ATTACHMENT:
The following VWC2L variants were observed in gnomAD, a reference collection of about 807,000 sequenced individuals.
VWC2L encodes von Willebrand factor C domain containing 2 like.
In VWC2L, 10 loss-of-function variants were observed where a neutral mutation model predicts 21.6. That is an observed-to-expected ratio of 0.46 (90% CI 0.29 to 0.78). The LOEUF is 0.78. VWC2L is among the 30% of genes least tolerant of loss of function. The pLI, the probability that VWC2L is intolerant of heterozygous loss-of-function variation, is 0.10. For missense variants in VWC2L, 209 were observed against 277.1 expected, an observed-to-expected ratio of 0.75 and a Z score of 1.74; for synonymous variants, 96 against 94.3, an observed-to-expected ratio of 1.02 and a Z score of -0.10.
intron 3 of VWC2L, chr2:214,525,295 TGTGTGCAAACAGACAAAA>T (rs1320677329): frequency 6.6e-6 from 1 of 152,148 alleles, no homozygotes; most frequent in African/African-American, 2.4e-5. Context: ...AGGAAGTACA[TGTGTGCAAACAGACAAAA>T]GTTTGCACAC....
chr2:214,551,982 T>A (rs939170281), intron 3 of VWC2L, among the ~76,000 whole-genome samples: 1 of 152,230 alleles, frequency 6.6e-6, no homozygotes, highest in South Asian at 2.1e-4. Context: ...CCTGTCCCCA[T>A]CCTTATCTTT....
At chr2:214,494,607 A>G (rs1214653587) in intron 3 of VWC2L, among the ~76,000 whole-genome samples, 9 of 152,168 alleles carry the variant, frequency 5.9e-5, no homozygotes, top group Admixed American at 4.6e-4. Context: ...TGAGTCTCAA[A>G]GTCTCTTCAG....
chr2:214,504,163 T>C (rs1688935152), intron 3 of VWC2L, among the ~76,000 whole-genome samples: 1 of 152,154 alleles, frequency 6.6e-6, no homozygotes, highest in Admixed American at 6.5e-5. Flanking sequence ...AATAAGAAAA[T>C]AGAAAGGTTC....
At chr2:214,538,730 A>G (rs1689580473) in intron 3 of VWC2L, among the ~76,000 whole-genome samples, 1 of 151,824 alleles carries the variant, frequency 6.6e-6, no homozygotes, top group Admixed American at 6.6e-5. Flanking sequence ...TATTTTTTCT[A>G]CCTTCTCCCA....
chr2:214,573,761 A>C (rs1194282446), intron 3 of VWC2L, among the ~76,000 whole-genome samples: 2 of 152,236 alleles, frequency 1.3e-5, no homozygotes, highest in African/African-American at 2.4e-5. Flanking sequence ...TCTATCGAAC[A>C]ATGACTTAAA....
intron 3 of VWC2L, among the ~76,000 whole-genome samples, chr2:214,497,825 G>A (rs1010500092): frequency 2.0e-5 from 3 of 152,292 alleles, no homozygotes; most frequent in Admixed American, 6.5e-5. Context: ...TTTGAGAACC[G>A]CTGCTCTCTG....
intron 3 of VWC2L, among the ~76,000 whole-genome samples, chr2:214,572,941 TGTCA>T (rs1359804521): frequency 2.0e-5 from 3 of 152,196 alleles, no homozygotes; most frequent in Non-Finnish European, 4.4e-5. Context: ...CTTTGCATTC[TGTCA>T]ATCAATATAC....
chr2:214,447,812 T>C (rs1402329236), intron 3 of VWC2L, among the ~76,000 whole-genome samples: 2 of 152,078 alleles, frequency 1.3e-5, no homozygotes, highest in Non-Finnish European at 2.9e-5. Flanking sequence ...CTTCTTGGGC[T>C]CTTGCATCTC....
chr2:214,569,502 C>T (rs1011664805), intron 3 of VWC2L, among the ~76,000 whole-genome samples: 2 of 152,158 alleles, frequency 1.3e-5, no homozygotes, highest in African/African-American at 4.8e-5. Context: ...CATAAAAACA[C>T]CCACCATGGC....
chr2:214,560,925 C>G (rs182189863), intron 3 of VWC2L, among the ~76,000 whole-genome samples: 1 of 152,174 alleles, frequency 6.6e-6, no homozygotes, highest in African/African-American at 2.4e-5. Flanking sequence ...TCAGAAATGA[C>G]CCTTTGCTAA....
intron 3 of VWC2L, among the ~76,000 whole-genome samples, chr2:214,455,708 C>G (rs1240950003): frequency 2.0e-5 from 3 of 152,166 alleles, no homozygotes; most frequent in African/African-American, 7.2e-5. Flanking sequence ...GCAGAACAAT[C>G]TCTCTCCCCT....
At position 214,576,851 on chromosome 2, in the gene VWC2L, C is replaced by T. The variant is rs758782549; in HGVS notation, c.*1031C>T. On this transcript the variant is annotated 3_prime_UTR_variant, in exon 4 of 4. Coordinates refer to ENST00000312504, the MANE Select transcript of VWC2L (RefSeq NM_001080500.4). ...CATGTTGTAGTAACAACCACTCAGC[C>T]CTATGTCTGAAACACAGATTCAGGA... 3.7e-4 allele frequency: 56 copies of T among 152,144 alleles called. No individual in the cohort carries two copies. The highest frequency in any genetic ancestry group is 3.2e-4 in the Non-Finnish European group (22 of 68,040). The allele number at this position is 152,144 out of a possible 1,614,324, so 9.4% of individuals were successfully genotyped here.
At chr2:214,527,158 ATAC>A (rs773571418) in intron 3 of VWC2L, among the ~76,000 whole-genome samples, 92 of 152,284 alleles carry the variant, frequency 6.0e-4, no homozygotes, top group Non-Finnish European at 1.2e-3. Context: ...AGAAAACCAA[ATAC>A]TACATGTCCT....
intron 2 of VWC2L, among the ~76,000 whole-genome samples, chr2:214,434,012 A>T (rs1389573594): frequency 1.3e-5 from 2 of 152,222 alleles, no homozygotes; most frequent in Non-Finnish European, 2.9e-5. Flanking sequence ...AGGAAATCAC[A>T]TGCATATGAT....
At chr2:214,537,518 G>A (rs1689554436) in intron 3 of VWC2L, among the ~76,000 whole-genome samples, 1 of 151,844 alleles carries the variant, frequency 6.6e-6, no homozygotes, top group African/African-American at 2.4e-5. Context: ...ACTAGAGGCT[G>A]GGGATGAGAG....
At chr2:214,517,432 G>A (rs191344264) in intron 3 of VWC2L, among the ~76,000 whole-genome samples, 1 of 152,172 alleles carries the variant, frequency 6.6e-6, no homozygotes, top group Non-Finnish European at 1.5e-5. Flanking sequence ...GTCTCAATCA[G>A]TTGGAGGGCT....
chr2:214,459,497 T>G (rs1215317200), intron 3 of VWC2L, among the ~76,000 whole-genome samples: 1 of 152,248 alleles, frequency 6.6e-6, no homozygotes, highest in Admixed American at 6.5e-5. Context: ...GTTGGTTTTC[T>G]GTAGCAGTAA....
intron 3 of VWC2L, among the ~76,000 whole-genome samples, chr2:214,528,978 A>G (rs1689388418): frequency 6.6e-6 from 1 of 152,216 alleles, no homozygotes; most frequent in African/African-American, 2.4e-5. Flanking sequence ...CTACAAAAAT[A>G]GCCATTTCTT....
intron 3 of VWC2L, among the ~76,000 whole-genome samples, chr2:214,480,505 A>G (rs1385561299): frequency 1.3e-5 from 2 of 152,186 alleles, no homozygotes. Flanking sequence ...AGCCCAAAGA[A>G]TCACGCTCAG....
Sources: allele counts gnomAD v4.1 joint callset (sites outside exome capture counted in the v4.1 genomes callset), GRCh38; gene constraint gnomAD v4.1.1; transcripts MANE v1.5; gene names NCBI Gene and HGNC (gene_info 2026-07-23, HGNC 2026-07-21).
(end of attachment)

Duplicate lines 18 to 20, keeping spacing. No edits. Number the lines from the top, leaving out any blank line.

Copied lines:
intron 2 of VWC2L, among the ~76,000 whole-genome samples, chr2:214,434,012 A>T (rs1389573594): frequency 1.3e-5 from 2 of 152,222 alleles, no homozygotes; most frequent in Non-Finnish European, 2.9e-5. Flanking sequence ...AGGAAATCAC[A>T]TGCATATGAT....
At chr2:214,537,518 G>A (rs1689554436) in intron 3 of VWC2L, among the ~76,000 whole-genome samples, 1 of 151,844 alleles carries the variant, frequency 6.6e-6, no homozygotes, top group African/African-American at 2.4e-5. Context: ...ACTAGAGGCT[G>A]GGGATGAGAG....
At chr2:214,517,432 G>A (rs191344264) in intron 3 of VWC2L, among the ~76,000 whole-genome samples, 1 of 152,172 alleles carries the variant, frequency 6.6e-6, no homozygotes, top group Non-Finnish European at 1.5e-5. Flanking sequence ...GTCTCAATCA[G>A]TTGGAGGGCT....